Embattled state Assemblyman Anthony Seminerio (D−Richmond Hill) recently made a $35,000 payment to his lawyer representing him in a federal fraud case by using funds from his re−election campaign account, state Board of Elections records showed.
A BOE spokesman said a 1989 board ruling found that expenses incurred in legal defense of a criminal matter arising from holding political office can be funded through a campaign account, but he declined to comment specifically on Seminerio.
“I can’t speak to the facts of Mr. Seminerio’s situation because we don’t have them all,” said the spokesman, Bob Brehm.
Seminerio, a 30−year incumbent who faces 20 years in prison on mail fraud charges for allegedly setting up a sham consulting firm to take in more than $500,000 in corrupt payments, used $35,000 to pay legal fees for his defense from his Friends of Seminerio campaign account, according to the Board of Elections Web site.
The 73−year−old assemblyman made the payment to his Rosedale−based attorney, Ira Cooper, on Sept. 19, according to the campaign finance records. The $35,000 was documented in Seminerio’s filing as being used on legal fees.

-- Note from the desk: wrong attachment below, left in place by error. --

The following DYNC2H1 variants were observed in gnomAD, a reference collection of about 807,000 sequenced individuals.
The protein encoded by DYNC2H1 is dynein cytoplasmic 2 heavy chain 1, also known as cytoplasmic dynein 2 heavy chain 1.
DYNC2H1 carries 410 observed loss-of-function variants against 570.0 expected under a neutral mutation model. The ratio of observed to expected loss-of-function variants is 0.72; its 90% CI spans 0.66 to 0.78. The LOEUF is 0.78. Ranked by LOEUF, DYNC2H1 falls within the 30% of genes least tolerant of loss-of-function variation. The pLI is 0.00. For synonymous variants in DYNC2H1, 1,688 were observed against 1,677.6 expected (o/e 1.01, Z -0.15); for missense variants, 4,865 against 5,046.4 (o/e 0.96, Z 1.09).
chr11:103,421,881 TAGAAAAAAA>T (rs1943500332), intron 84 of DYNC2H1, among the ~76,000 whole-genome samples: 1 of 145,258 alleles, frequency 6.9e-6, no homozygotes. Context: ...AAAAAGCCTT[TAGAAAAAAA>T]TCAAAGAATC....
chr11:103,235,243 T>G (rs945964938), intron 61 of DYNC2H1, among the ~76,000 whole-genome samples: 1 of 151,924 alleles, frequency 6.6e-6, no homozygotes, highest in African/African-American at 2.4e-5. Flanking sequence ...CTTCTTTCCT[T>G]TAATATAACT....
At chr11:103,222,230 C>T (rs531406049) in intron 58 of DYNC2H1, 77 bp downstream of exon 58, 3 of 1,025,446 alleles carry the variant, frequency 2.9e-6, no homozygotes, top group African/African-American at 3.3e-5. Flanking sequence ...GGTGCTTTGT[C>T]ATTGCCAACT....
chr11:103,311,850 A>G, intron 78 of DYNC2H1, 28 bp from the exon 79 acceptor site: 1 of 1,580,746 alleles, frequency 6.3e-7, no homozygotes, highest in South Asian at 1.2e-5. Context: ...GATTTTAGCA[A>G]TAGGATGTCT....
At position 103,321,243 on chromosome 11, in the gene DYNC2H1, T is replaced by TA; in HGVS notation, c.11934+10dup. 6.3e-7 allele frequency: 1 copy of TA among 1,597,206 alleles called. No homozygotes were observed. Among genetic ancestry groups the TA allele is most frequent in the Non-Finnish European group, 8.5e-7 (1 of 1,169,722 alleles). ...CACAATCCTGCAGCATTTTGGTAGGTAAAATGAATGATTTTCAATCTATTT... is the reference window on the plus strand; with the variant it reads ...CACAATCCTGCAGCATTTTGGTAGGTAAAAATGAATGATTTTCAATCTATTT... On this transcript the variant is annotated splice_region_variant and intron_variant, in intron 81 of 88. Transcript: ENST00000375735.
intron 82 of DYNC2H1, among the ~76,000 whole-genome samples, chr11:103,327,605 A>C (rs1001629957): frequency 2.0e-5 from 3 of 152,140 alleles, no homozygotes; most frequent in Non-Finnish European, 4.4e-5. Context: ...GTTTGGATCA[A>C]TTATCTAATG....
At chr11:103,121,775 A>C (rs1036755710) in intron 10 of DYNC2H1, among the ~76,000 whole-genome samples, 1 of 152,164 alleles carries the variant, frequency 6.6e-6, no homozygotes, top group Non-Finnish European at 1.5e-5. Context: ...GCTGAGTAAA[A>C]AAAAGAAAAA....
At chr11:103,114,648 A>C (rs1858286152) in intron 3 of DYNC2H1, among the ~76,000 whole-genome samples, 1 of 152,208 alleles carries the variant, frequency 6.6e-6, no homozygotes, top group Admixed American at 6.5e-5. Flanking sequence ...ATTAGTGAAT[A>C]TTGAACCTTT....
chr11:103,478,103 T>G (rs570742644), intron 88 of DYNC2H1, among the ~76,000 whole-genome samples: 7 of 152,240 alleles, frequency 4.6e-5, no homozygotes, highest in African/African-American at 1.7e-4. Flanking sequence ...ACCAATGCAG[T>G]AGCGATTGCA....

Lisa Loughlin, Seminerio’s campaign treasurer, said the expense was perfectly legal.
Seminerio was arrested over the summer on federal charges following an undercover investigation that involved an FBI agent posing as a client of the assemblyman’s consulting firm. According to the criminal complaint, the agent and Seminerio met in Albany, where the assemblyman told the “client” he could arrange meeting with influential legislators in exchange for money.
The assemblyman was also allegedly heard on a wiretap speaking with a hospital official, believed to be from Jamaica Hospital, about making a payment to Marc Consultants — the sham consulting firm, the complaint said. Seminerio allegedly received $310,000 from the hospital, according to court papers.
Seminerio has yet to be indicted in the case. He has a preliminary hearing scheduled for Dec. 10, according to a spokeswoman for the U.S. attorney’s office in Manhattan, at which point he can be indicted or make a plea. His arrest came too late for Democratic leaders to take his name off the September primary ballot and the assemblyman eventually won re−election unopposed in November.
Michael Reich, executive secretary of the Queens Democratic Party, told TimesLedger Newspapers following Seminerio’s arrest that the organization was not going to abandon Seminerio based on an allegation.
Seminerio, who has been in office since 1978, currently has $4,048 in his campaign account.
He ran unopposed for his seat last month.
Reach reporter Howard Koplowitz by e−mail at hkoplowitz
©2008 Community News Group
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